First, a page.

Critics hoped the better angels of human nature would kill off the popular campus gossip site JuicyCampus.com. Some prosecutors were trying to use the law to do the trick.
In the end, the site’s much-criticized founder insisted he was merely the latest victim of the economic downturn.
In any case, the site one college official recently called a “virtual bathroom wall” of hateful and degrading speech was offline Feb. 5 — much to the relief of administrators and many students nationwide.
“We’re very happy,” said Erika Lowe, vice president of the student government at Western Illinois University, which had been working with administrators to block the site from campus computers there. “While we support free speech, there was nothing positive coming out of this Web site. It only served to dampen spirits and ruin friendships.”
But JuicyCampus was popular. Following its launch on seven campuses in 2007, it spread nationwide, and founder Matt Ivester said the site was getting more than 1 million unique visitors monthly. He said it was all in good fun, but the anonymity the site granted its gossip-posters seemed to bring out the worst in people.
Fraternities and sororities cruelly attacked each other. Typical discussion threads included “Biggest slut on campus” and “easiest freshmen.” Others identified women who had gained weight, and one post named a rape victim and said she “deserved it.”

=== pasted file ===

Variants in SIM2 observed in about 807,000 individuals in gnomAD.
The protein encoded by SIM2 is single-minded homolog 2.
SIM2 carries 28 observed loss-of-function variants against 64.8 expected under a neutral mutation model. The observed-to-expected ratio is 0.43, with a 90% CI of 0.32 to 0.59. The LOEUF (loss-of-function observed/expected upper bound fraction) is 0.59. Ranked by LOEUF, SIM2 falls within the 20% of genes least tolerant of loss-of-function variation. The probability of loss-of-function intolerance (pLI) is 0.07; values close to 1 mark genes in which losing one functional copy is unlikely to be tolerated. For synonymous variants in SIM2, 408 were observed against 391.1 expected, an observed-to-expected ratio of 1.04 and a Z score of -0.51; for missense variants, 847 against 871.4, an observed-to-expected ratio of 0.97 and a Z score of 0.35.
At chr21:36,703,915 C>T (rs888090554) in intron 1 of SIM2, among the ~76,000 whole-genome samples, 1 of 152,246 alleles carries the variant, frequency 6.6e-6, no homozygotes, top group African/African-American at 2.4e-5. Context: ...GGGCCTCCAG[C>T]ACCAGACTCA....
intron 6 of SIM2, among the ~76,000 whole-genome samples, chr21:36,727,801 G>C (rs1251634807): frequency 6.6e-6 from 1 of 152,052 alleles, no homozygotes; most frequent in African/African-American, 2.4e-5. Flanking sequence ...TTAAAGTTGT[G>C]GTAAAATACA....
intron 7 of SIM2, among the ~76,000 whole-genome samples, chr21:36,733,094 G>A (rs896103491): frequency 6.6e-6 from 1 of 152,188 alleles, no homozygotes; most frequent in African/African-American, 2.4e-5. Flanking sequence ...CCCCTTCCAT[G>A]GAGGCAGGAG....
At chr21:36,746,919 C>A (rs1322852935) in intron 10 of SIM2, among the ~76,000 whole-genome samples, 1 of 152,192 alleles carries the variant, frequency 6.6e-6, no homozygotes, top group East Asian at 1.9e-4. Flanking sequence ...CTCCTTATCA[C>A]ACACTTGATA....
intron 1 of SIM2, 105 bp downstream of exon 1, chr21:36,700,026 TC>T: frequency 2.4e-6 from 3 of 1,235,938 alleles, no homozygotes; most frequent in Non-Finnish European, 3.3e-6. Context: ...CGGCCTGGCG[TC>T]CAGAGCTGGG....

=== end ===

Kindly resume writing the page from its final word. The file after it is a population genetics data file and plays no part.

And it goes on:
Several student government associations asked their colleges to block access to the site from campus networks, and a handful — including Tennessee State and Hampton — did so. New Jersey prosecutors, meanwhile, were investigating whether the company was violating the state’s Consumer Fraud Act. No charges were filed.
The site appeared to be protected by a federal law absolving Web sites of responsibility for what their users post. And most colleges decided they couldn’t get into the business of picking and choosing sites to block. So they urged students to stay away and quietly hoped this day would come.
“To be tactful, I’m not disappointed,” said David Maxwell, president of Drake University in Iowa. He had received complaints from parents and students, but declined to block the site when student leaders asked him to consider doing so.
“We certainly value the university environment as a safe haven for expression,” Maxwell said. But academic freedom “also requires you to be held responsible for what you say. The anonymity of JuicyCampus was really a concern for us.”
A public relations firm representing the company said Ivester was unavailable for a telephone interview Feb. 5, and the site was already offline. But in a farewell note on a separate blog site, Ivester wrote that “in these historically difficult economic times, online ad revenue has plummeted and venture capital funding has dissolved.”
He denied that legal troubles were to blame, or that advertisers were avoiding JuicyCampus because of its content. The site employed about 20 people, according to spokesman Steven Wilson.
He did acknowledge some users had gone overboard.
“While there are parts of JuicyCampus that none of us will miss — the mean-spirited posts and personal attacks — it has also been a place for the fun, lighthearted gossip of college life. I hope that is how it is remembered,” he wrote, before signing off: “Keep it juicy.”